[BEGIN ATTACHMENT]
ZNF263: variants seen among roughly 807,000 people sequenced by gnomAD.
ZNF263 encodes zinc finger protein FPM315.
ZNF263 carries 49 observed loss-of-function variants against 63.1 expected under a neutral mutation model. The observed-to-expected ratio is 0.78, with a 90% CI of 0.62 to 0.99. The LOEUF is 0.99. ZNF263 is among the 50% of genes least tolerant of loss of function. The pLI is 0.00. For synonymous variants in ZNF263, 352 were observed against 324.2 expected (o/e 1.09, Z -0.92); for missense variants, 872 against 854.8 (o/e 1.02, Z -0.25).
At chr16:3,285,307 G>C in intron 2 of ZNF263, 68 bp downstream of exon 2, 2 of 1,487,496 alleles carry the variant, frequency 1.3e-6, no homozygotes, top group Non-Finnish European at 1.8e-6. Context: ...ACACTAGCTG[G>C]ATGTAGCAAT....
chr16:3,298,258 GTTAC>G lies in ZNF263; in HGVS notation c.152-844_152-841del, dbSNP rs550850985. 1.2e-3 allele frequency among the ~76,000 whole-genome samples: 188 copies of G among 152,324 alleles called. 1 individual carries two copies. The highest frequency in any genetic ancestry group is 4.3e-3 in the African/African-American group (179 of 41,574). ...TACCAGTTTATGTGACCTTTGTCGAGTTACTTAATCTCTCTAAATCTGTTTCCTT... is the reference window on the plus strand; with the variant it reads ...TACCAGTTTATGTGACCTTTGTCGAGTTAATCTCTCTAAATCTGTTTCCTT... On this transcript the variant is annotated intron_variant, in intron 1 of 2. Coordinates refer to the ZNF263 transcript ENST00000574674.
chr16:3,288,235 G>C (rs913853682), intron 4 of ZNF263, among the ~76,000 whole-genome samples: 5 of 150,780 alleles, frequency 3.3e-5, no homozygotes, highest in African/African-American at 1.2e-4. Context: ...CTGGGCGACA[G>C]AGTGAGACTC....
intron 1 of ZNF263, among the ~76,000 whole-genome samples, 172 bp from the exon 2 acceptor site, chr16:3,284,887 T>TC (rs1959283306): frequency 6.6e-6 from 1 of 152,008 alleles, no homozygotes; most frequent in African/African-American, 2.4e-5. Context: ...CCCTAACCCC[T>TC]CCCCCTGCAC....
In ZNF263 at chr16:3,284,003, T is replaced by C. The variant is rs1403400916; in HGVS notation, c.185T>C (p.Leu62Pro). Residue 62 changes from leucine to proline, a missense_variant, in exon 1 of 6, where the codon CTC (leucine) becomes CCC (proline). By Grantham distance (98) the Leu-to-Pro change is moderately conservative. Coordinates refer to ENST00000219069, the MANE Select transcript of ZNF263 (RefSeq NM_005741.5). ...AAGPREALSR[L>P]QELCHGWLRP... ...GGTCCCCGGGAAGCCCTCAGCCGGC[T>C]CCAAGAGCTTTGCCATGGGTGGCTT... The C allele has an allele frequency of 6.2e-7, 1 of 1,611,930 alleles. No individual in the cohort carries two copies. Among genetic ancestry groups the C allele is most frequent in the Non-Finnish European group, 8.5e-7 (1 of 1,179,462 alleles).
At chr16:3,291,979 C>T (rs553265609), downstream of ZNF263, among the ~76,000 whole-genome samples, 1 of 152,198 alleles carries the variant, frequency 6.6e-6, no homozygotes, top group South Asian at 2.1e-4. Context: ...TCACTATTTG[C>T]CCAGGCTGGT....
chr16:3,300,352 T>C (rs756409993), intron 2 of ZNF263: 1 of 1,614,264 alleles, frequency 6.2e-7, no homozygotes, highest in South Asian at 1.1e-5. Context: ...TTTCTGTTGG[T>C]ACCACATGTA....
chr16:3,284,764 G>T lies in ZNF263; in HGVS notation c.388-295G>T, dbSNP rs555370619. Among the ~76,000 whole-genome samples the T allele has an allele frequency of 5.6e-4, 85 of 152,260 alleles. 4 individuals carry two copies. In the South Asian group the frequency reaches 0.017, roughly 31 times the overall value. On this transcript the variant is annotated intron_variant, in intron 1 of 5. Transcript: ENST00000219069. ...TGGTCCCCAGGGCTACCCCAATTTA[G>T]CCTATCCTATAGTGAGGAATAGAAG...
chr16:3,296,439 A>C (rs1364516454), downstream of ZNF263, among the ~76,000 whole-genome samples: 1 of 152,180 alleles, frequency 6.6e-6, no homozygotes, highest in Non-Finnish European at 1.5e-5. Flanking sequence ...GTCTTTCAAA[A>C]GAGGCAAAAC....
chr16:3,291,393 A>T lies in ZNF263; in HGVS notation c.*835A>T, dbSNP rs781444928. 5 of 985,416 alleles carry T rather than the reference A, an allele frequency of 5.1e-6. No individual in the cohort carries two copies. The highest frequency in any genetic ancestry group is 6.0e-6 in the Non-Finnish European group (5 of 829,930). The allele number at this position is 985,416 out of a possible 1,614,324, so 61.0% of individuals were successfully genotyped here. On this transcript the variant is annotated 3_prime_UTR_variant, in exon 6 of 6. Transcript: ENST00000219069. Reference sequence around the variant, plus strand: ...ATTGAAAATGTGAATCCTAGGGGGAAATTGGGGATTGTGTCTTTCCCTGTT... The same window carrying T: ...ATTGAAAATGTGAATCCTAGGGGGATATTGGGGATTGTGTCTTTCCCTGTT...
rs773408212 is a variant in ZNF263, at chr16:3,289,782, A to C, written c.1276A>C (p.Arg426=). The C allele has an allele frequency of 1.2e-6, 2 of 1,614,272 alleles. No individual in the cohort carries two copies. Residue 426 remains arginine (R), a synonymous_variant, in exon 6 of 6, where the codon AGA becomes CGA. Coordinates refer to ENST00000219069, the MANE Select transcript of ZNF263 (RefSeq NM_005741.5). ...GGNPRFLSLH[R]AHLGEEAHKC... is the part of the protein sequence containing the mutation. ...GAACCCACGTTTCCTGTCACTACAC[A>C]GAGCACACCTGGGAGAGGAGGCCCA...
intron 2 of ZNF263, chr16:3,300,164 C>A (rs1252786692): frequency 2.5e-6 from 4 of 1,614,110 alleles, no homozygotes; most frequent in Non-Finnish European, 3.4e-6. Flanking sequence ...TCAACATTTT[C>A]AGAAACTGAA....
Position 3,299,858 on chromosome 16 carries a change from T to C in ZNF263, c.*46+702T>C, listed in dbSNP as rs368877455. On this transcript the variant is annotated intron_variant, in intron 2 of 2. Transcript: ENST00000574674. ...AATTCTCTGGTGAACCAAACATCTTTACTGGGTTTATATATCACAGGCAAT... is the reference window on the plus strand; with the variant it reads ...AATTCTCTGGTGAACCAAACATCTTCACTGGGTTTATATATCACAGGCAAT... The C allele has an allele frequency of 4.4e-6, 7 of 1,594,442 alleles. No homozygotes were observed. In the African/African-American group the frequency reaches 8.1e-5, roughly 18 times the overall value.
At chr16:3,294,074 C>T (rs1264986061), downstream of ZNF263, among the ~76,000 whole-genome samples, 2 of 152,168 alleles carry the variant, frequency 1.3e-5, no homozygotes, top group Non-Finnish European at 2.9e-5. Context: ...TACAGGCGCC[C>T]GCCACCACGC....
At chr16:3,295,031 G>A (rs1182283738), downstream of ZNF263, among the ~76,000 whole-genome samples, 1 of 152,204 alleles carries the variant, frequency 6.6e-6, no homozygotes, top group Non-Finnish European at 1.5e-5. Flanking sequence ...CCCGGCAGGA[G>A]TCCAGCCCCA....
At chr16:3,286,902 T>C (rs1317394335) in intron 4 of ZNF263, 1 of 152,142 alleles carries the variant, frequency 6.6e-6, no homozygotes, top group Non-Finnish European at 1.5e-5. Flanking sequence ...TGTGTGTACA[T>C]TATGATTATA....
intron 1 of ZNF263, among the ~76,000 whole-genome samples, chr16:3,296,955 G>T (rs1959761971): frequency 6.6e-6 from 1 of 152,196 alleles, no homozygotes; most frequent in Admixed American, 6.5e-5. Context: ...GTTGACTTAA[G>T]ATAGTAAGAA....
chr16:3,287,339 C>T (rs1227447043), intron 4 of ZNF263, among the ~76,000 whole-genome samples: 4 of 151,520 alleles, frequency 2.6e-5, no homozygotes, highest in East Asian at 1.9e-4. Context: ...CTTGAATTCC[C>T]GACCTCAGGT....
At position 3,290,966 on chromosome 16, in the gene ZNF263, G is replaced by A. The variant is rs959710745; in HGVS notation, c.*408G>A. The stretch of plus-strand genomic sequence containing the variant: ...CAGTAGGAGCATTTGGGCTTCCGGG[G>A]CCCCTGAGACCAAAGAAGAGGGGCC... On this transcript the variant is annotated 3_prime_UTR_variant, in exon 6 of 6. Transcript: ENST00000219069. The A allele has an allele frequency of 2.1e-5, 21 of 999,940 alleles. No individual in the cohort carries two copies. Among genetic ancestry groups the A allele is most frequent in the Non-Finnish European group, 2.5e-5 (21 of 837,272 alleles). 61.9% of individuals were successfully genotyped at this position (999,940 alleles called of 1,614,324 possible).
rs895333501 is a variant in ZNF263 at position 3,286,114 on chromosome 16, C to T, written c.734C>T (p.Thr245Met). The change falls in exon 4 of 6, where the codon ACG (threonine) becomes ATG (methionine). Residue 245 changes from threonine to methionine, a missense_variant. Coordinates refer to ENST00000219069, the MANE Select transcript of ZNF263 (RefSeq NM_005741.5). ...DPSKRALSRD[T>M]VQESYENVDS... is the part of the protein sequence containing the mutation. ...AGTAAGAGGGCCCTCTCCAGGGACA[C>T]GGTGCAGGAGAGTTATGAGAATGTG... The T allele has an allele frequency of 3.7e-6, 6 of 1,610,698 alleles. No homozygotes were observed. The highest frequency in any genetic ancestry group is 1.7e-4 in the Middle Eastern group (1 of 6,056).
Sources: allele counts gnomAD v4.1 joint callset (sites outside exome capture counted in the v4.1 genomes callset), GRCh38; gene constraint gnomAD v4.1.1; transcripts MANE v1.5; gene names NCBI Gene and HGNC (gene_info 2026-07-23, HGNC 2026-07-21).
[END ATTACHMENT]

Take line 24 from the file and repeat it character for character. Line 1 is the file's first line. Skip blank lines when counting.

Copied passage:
Sources: allele counts gnomAD v4.1 joint callset (sites outside exome capture counted in the v4.1 genomes callset), GRCh38; gene constraint gnomAD v4.1.1; transcripts MANE v1.5; gene names NCBI Gene and HGNC (gene_info 2026-07-23, HGNC 2026-07-21).